Difference between Mexican and Mediterranean Oregano
- Mexican oregano is a relative of Lemon Verbena and is native to Mexico. Similar in that it’s pungent like Mediterranean oregano, Mexican oregano has notes of mild licorice and citrus.
- Mediterranean oregano is a member of the mint family and most often is used in Greek and Italian recipes. Mediterranean oregano is the one most found in spice racks and supermarkets.
Give these Mexican pickled carrots a try, you will not be disappointed. Add in some cauliflower florets, too if you like.
This post, first published on Kevin Is Cooking on June 29, 2016 was last updated with new content on Sept. 13, 2021.
Mexican Pickled Carrots + Video
- 2 lbs carrots
- 2 large jalapeños
- 1/2 white onion medium
- 5 cloves garlic smashed
- 1 1/2 cups white vinegar
- 1 1/2 cups water
- 1 tbsp vegetable oil
- 6 bay leaves whole
- 10 black peppercorns
- 2 tsp dried Mexican oregano or original oregano
- 1 tsp salt
- Peel and slice carrots (See Note 1) and onion into 1/4 inch thick pieces (See 2). Cut the stems off jalapeños and slice thin on diagonal. Set aside.
- In a large stock pot add the garlic, vinegar, water, oil, bay leaves, peppercorns, oregano, salt. Bring to a boil and add the carrots, onion and jalapeños. Lower heat to medium-low and cook for 15 minutes, uncovered.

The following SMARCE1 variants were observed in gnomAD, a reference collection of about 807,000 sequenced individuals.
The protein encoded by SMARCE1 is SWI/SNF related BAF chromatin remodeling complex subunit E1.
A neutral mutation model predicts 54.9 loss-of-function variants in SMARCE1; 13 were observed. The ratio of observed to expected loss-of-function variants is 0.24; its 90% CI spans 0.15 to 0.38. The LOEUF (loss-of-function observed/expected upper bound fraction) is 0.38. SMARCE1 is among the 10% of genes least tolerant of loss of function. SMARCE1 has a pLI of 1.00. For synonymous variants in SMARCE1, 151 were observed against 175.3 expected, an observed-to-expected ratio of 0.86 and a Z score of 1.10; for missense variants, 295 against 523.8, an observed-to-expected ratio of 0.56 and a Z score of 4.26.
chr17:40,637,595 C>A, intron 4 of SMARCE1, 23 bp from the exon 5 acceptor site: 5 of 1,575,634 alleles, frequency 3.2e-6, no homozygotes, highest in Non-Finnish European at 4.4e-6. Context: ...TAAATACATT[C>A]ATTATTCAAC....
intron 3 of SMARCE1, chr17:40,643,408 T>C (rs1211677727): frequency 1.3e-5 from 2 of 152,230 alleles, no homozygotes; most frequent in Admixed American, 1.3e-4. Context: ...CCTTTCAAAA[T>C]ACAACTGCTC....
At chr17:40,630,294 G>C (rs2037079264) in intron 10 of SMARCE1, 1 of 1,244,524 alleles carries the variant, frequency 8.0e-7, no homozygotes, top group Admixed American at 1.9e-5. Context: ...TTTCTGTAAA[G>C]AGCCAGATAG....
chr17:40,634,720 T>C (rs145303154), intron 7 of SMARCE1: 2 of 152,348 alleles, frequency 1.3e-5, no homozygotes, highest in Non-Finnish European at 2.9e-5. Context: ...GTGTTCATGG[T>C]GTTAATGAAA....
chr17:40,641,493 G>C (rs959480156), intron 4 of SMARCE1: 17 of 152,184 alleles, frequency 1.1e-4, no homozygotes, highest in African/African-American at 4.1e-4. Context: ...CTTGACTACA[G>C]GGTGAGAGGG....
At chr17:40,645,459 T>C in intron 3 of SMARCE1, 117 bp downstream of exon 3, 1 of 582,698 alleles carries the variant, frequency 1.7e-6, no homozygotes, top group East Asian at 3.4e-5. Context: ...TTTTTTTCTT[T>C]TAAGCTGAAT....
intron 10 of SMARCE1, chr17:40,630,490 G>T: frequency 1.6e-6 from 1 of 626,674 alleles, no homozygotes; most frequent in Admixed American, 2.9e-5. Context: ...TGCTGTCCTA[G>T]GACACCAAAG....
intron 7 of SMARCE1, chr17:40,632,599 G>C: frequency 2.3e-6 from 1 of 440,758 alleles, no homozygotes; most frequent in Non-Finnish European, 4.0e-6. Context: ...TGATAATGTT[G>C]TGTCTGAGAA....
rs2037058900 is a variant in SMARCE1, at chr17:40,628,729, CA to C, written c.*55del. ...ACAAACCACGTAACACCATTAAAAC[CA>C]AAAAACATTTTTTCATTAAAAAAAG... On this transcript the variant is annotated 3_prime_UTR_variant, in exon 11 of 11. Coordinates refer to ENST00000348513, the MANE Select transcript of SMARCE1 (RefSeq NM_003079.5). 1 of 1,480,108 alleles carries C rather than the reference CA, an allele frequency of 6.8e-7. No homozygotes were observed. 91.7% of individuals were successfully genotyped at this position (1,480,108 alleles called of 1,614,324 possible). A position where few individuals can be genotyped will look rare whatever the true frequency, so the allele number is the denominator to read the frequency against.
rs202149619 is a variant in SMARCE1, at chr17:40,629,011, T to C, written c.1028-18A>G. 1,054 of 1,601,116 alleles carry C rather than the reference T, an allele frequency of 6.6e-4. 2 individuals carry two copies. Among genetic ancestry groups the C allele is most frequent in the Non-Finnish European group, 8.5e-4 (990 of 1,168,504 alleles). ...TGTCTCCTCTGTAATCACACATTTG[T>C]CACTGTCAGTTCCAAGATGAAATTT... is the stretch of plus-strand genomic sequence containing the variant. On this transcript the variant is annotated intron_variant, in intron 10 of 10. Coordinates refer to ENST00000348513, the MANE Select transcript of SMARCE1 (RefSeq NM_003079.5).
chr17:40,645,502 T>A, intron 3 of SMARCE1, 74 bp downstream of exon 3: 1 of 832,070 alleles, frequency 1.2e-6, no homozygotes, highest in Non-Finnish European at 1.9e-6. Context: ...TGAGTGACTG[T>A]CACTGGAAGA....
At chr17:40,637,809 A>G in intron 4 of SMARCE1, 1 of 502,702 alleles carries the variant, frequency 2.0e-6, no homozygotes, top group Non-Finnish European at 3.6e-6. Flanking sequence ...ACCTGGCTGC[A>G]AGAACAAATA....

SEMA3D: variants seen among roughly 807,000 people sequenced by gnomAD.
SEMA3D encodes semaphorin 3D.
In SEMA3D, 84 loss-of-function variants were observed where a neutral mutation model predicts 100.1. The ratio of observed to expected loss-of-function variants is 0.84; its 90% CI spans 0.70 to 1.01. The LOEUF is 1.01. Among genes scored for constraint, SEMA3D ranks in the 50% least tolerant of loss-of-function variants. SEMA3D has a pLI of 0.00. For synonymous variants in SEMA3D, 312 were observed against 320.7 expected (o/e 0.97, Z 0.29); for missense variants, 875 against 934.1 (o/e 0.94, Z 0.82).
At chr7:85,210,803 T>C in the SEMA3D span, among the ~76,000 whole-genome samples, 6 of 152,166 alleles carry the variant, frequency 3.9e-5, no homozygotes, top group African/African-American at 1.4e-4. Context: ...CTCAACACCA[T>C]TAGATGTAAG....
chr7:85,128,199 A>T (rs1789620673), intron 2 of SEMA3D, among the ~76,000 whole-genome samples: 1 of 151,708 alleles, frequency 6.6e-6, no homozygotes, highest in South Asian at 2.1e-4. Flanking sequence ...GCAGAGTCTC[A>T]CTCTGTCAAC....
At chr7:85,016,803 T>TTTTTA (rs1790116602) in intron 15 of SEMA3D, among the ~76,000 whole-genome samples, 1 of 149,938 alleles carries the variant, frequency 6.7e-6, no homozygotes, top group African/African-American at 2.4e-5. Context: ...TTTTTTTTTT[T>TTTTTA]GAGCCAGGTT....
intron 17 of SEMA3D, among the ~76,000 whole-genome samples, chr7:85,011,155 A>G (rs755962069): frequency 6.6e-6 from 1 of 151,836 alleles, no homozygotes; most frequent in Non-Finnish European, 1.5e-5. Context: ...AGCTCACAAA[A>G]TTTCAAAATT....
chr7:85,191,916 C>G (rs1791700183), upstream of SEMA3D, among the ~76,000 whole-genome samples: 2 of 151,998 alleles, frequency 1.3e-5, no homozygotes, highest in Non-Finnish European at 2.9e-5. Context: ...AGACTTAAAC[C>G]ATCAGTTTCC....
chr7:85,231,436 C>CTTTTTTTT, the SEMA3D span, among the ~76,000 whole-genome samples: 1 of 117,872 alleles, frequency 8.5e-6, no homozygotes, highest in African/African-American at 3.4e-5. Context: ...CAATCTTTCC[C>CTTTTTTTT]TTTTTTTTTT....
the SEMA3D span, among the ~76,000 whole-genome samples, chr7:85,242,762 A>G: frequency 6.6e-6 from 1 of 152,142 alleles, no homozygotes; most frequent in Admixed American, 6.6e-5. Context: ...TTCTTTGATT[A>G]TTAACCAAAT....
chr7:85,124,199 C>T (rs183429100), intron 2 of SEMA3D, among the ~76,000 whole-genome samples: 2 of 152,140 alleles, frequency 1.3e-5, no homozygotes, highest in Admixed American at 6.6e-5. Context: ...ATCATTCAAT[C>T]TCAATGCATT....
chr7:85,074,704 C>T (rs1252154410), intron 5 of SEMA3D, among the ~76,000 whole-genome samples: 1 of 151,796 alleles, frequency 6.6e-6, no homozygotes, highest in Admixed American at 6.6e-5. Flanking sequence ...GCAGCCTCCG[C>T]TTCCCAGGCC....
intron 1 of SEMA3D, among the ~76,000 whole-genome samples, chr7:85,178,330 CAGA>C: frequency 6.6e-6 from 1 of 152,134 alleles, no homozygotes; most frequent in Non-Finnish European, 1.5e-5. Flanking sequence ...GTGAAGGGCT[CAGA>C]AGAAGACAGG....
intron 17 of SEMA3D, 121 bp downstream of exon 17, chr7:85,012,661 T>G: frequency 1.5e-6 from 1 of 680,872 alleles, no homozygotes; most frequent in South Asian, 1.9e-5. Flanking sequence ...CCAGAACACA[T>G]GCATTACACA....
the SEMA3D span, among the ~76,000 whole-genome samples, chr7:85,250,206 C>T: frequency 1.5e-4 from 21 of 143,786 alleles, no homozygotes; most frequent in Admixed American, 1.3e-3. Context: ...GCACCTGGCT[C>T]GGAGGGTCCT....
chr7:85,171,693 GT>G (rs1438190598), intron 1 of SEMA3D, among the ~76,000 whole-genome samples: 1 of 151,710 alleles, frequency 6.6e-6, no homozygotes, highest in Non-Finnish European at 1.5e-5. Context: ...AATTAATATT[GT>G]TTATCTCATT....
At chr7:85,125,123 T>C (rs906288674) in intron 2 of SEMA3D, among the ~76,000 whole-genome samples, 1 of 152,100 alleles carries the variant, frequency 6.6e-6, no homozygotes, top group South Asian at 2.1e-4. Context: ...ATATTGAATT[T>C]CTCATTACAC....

- Allow to cool completely and store vegetables and cooking liquid in clean, sterile glass containers with lid. (This recipe fills 4 pint or 2 quart jars.) If more liquid is needed to cover add equal parts water and white vinegar. Keep refrigerated.
- Fine to eat after 3 hours, best if pickled for at least a day or two.
See Below Notes if canning.
- Slice carrots on the diagonal for larger pieces to eat. I’ve also added small cut cauliflower, this is optional.
- Cut the half white onion into 1/4 inch slices, no diagonal cut needed as with carrots.
- This is a safe recipe for canning. Brine made with at least 50% vinegar (5% acid) is safe pH for canning. Check your vinegar bottle to make sure it’s 5% acid, some store brands are only 4% (calling them table vinegars) and do not measure up for proper acidity for canning.
- Boiling water bath pints and half pints for 15 minutes and adjust for altitude. (add 5 minutes to water bath time for every 1,000 feet in altitude. 15 minutes for sea level to 999 feet, 20 minutes for altitude 1000-1999, etc…). I have enjoyed these canned numerous times. I have not found that the 15 minute water bath cook time on top of initial cook time in Instructions made the carrots mushy, but if concerned, cut initial cook time in Step 2 above by 5 minutes.
- Remove from canner, let cool, check to make sure the jars have sealed, remove rings, label lid and store in a cupboard. I’ve had jars that were 4 years old and still delicious.
- Refrigerate once jar is open, will stay good in refrigerator for a month.
The information shown is an estimate provided by an online nutrition calculator. It should not be considered a substitute for a professional nutritionist’s advice.